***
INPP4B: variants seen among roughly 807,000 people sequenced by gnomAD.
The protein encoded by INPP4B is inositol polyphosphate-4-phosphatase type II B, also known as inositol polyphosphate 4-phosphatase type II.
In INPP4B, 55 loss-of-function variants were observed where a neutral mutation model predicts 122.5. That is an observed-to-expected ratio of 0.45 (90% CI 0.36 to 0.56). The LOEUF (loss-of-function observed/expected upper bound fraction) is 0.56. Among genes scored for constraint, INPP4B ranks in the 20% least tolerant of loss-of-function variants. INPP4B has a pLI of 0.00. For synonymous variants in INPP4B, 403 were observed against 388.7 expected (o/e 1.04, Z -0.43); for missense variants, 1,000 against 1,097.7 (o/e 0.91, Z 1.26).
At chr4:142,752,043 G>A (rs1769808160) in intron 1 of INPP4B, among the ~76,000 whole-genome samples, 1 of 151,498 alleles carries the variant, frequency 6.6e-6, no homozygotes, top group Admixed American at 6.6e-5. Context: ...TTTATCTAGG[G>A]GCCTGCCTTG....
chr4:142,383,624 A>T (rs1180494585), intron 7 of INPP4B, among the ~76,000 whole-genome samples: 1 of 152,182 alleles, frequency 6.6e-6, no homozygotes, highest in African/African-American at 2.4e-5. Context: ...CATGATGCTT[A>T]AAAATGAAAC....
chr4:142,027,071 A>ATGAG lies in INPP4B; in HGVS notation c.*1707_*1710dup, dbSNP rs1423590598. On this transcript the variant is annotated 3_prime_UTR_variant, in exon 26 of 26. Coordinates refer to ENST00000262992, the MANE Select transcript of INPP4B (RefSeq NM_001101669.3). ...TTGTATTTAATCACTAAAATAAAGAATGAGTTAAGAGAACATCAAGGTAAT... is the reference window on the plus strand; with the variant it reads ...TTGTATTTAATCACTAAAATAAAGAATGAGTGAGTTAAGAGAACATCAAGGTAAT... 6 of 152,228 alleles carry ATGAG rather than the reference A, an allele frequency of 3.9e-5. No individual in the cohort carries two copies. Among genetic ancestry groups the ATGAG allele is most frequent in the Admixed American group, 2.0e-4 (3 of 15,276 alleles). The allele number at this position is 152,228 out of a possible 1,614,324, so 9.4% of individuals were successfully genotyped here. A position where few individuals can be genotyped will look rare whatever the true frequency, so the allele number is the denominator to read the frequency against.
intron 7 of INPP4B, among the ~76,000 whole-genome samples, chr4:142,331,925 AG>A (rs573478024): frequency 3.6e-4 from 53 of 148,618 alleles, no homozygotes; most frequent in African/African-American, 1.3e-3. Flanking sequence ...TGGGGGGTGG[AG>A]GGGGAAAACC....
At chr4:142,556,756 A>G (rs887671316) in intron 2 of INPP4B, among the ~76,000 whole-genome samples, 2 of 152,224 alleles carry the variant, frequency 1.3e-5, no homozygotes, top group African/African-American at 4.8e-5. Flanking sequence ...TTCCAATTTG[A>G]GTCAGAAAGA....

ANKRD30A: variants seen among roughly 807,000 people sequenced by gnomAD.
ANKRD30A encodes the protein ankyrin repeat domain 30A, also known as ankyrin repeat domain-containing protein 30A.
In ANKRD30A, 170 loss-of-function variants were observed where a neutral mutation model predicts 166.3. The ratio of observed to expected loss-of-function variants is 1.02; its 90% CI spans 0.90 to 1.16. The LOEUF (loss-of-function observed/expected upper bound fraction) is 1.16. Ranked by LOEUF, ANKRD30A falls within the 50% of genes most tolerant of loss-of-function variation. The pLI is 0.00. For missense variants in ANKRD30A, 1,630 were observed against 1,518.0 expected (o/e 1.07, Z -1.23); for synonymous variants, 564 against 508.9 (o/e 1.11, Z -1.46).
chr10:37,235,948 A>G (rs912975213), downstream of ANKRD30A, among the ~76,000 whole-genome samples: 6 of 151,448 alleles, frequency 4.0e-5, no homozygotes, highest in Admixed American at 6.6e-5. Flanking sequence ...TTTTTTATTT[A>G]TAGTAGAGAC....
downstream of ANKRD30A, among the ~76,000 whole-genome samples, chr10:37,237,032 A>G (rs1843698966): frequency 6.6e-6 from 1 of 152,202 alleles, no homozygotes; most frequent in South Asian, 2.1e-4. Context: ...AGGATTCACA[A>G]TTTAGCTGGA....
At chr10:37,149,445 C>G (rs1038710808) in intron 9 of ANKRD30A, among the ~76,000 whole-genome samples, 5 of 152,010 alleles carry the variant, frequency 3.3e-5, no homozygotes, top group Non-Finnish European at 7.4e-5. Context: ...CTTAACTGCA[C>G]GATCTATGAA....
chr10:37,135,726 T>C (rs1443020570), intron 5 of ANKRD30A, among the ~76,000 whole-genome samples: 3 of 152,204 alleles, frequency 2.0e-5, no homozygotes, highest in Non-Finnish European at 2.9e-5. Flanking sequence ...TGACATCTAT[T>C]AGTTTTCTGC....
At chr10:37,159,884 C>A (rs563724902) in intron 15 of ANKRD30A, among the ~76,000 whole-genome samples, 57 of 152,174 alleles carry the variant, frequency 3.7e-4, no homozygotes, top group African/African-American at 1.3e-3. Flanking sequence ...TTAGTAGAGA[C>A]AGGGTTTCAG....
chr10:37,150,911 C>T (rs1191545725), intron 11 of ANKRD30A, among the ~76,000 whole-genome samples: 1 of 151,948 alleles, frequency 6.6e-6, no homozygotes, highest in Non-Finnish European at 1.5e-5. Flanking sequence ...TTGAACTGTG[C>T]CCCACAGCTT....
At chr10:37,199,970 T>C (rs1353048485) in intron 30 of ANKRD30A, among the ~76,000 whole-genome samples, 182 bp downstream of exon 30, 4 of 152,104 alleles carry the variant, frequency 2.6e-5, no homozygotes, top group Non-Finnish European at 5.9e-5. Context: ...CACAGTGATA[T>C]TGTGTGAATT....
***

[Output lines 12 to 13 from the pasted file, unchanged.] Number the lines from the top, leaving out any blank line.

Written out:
chr10:37,235,948 A>G (rs912975213), downstream of ANKRD30A, among the ~76,000 whole-genome samples: 6 of 151,448 alleles, frequency 4.0e-5, no homozygotes, highest in Admixed American at 6.6e-5. Flanking sequence ...TTTTTTATTT[A>G]TAGTAGAGAC....
downstream of ANKRD30A, among the ~76,000 whole-genome samples, chr10:37,237,032 A>G (rs1843698966): frequency 6.6e-6 from 1 of 152,202 alleles, no homozygotes; most frequent in South Asian, 2.1e-4. Context: ...AGGATTCACA[A>G]TTTAGCTGGA....